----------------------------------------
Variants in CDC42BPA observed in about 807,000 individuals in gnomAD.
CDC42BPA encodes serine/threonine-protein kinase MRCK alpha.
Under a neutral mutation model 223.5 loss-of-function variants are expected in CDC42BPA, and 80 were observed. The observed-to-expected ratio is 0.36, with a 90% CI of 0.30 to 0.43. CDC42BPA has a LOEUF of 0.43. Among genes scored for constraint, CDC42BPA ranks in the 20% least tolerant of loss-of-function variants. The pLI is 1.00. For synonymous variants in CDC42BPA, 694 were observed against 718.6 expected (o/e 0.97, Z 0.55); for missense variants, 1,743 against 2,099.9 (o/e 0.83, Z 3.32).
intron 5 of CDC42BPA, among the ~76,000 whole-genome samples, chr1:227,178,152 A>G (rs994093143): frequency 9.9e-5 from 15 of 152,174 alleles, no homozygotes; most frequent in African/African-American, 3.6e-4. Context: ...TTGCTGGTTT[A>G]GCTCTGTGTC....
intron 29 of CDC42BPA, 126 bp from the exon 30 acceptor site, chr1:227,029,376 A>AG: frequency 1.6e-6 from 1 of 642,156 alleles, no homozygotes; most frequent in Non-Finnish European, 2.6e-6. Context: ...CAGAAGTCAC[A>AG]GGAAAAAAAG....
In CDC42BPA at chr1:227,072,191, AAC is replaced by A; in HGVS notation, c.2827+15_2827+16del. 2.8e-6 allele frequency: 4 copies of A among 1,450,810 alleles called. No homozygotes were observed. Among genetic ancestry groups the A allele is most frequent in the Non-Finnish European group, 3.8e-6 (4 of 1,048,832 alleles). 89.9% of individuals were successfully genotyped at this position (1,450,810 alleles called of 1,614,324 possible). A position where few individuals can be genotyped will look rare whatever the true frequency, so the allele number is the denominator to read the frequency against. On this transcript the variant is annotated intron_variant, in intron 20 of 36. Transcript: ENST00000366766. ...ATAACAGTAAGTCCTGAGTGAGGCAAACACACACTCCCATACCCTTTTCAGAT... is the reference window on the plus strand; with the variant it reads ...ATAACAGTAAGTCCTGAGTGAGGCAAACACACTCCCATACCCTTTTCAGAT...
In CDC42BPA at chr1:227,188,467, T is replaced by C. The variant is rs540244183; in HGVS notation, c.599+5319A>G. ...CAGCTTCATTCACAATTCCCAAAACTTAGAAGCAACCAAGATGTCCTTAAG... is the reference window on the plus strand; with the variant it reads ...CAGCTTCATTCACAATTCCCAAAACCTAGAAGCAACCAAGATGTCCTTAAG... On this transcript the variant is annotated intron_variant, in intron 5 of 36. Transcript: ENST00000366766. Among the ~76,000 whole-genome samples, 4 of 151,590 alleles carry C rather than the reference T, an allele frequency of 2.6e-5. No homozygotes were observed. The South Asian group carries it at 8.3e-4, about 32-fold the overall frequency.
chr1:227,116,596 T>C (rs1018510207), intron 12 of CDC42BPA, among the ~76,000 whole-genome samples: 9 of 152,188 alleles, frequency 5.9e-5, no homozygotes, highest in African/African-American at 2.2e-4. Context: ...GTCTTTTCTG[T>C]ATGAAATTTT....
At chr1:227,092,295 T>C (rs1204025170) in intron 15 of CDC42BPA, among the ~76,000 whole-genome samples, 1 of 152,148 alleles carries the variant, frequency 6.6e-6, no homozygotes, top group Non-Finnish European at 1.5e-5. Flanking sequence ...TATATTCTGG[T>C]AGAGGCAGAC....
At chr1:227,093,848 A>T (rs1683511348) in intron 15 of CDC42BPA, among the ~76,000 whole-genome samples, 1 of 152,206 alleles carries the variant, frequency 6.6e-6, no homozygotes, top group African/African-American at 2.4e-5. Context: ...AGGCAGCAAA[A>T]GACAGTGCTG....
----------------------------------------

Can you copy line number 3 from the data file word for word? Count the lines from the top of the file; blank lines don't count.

Under a neutral mutation model 223.5 loss-of-function variants are expected in CDC42BPA, and 80 were observed. The observed-to-expected ratio is 0.36, with a 90% CI of 0.30 to 0.43. CDC42BPA has a LOEUF of 0.43. Among genes scored for constraint, CDC42BPA ranks in the 20% least tolerant of loss-of-function variants. The pLI is 1.00. For synonymous variants in CDC42BPA, 694 were observed against 718.6 expected (o/e 0.97, Z 0.55); for missense variants, 1,743 against 2,099.9 (o/e 0.83, Z 3.32).